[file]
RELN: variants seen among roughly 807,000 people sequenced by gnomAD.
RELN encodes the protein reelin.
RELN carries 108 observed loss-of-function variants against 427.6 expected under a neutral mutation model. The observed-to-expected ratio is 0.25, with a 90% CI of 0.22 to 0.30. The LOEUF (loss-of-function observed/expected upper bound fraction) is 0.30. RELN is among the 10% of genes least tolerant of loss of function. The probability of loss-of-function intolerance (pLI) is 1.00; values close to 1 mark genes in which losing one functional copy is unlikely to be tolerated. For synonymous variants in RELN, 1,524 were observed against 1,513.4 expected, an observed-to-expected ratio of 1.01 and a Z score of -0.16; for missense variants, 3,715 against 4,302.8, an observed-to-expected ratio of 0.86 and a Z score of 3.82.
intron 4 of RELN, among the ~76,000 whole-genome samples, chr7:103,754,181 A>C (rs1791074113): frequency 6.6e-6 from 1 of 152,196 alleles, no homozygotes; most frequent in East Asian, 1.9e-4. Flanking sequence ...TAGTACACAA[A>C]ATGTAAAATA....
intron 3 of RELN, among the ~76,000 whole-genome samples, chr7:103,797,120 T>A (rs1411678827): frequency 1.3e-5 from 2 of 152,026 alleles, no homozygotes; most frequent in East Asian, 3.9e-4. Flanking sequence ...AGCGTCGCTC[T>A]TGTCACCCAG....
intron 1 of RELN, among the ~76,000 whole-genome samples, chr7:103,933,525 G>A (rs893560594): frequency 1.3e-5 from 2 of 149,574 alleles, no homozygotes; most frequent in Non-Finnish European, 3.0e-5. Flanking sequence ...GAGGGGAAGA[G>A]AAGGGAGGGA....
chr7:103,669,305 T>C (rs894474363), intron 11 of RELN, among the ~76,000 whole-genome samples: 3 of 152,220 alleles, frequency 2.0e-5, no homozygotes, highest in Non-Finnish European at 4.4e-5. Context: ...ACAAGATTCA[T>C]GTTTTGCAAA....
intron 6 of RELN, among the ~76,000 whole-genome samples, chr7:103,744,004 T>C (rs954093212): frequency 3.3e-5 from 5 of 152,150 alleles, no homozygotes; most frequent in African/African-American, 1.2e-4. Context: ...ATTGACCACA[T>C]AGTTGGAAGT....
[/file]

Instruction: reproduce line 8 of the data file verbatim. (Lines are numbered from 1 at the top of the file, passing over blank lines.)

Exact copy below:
intron 6 of RELN, among the ~76,000 whole-genome samples, chr7:103,744,004 T>C (rs954093212): frequency 3.3e-5 from 5 of 152,150 alleles, no homozygotes; most frequent in African/African-American, 1.2e-4. Context: ...ATTGACCACA[T>C]AGTTGGAAGT....